Effects of School Resource Officers on School Crime and Responses to School Crime
Date:  09-06-2020

Study suggests increasing SROs doesn't improve school safety
From Criminology & Public Policy:


Research Summary

We examined the effects of an increase in school resource officer (SRO) staffing on schools in a sample of 33 public schools that enhanced SRO staffing through funding from the Department of Justice's Community Oriented Policing Services Hiring Program and a matched sample of 72 schools that did not increase SRO staffing at the same time. In longitudinal analyses of monthly school?level administrative data, we compared the treatment and comparison schools on disciplinary offenses and actions. We found that increased SROs increased the number of drug? and weapon?related offenses and exclusionary disciplinary actions for treatment schools relative to comparison schools. These negative effects were more frequently found for students without special needs.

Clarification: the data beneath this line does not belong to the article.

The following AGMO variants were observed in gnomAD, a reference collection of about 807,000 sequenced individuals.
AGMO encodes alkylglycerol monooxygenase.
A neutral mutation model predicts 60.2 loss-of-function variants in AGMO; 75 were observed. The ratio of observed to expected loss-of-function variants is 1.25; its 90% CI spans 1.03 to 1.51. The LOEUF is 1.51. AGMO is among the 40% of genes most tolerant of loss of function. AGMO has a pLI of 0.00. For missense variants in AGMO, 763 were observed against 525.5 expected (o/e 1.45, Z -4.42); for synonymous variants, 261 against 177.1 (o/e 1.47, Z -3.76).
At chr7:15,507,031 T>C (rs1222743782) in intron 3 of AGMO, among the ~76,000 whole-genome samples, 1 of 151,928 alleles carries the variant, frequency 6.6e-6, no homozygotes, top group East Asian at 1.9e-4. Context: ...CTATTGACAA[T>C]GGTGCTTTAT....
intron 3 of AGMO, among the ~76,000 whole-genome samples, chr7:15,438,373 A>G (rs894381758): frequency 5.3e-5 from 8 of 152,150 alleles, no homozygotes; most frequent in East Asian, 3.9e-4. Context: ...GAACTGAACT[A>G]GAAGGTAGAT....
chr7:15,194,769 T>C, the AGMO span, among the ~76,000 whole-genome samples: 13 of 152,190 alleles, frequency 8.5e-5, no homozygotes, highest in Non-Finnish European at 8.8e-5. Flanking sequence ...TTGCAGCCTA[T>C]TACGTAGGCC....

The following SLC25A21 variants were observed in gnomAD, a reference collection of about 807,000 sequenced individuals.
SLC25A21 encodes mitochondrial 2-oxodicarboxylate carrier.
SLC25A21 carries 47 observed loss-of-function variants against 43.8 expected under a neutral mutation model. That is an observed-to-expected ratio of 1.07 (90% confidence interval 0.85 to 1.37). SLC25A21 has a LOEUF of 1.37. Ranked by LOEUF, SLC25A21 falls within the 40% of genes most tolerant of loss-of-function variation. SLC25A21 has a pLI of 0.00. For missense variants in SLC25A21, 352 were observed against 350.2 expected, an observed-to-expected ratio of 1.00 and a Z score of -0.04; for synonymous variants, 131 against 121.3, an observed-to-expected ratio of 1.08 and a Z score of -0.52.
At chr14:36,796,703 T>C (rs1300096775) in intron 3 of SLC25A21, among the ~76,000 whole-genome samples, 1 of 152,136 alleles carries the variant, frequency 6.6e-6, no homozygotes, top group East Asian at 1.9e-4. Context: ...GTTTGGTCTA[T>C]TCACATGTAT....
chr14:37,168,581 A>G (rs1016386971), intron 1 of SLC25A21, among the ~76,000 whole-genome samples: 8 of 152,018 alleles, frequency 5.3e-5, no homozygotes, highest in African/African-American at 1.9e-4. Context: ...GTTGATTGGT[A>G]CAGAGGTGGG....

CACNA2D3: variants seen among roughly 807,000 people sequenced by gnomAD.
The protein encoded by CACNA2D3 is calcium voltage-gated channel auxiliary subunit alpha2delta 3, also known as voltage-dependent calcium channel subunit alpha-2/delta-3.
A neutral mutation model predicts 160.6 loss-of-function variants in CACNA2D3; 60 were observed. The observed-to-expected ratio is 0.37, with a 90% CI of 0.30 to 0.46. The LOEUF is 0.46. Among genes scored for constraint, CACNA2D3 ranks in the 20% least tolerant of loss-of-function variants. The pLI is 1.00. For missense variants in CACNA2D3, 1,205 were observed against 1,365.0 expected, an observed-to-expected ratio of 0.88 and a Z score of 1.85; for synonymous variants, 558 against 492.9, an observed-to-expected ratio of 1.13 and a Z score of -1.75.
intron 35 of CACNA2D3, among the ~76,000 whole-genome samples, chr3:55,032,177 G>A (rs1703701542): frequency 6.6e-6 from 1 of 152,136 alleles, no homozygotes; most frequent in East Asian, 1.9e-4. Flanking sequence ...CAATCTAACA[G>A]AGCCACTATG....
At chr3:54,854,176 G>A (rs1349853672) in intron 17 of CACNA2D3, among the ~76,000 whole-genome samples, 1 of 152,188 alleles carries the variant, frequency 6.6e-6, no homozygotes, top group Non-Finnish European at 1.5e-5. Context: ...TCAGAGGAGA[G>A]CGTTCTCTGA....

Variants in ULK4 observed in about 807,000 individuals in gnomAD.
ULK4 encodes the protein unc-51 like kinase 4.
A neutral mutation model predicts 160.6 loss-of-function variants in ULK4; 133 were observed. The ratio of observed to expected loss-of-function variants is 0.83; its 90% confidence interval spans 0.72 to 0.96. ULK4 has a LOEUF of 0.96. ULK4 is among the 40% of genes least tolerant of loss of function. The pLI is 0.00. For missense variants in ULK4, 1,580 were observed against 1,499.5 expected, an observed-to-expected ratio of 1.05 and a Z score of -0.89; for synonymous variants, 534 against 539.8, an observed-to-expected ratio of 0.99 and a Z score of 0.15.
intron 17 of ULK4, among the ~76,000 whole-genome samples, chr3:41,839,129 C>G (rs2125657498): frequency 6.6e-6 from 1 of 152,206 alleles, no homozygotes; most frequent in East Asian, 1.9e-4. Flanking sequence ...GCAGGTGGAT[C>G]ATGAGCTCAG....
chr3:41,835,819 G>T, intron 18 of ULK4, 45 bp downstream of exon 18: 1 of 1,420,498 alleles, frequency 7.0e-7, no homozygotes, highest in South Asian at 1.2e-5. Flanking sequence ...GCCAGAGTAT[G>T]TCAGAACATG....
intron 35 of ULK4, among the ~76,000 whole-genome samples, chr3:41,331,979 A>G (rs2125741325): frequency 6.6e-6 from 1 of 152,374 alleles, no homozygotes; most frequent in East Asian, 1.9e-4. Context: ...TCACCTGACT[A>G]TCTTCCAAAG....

Policy Implications

The study findings suggest that increasing SROs does not improve school safety and that by increasing exclusionary responses to school discipline incidents it increases the criminalization of school discipline. We recommend that educational decision?makers seeking to enhance school safety consider the many alternatives to programs that require regular police presence in schools.

Read the full study here.